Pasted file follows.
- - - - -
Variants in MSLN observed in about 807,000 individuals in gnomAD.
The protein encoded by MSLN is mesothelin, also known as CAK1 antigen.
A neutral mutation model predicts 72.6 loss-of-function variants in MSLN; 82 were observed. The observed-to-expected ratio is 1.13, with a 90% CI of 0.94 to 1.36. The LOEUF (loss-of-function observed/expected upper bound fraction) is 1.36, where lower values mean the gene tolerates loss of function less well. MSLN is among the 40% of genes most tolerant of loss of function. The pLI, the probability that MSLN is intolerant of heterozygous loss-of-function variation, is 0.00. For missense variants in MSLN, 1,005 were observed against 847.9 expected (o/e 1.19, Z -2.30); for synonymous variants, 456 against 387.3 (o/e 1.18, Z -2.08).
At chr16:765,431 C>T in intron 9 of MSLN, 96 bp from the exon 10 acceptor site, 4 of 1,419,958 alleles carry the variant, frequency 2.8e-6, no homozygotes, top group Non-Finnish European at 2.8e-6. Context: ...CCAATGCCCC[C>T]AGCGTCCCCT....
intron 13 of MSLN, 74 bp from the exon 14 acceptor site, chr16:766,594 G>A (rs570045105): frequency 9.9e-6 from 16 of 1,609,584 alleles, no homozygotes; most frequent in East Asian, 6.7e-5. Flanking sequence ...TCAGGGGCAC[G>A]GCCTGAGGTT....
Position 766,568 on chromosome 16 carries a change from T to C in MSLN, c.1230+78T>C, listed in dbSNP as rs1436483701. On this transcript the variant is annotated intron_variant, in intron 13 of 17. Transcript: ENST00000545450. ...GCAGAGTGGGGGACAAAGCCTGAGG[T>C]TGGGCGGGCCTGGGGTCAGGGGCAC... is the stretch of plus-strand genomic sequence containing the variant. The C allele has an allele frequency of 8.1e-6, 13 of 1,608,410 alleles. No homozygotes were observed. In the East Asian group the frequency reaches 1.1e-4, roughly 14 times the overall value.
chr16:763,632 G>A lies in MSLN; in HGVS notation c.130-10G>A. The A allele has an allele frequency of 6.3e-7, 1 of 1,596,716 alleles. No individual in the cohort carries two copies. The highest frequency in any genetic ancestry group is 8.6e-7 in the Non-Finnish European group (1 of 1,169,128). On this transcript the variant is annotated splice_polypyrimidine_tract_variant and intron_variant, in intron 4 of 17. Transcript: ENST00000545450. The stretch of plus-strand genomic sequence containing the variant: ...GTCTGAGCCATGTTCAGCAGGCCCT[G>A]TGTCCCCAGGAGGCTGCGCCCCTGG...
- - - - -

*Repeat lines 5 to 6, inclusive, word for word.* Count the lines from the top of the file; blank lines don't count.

intron 13 of MSLN, 74 bp from the exon 14 acceptor site, chr16:766,594 G>A (rs570045105): frequency 9.9e-6 from 16 of 1,609,584 alleles, no homozygotes; most frequent in East Asian, 6.7e-5. Flanking sequence ...TCAGGGGCAC[G>A]GCCTGAGGTT....
Position 766,568 on chromosome 16 carries a change from T to C in MSLN, c.1230+78T>C, listed in dbSNP as rs1436483701. On this transcript the variant is annotated intron_variant, in intron 13 of 17. Transcript: ENST00000545450. ...GCAGAGTGGGGGACAAAGCCTGAGG[T>C]TGGGCGGGCCTGGGGTCAGGGGCAC... is the stretch of plus-strand genomic sequence containing the variant. The C allele has an allele frequency of 8.1e-6, 13 of 1,608,410 alleles. No homozygotes were observed. In the East Asian group the frequency reaches 1.1e-4, roughly 14 times the overall value.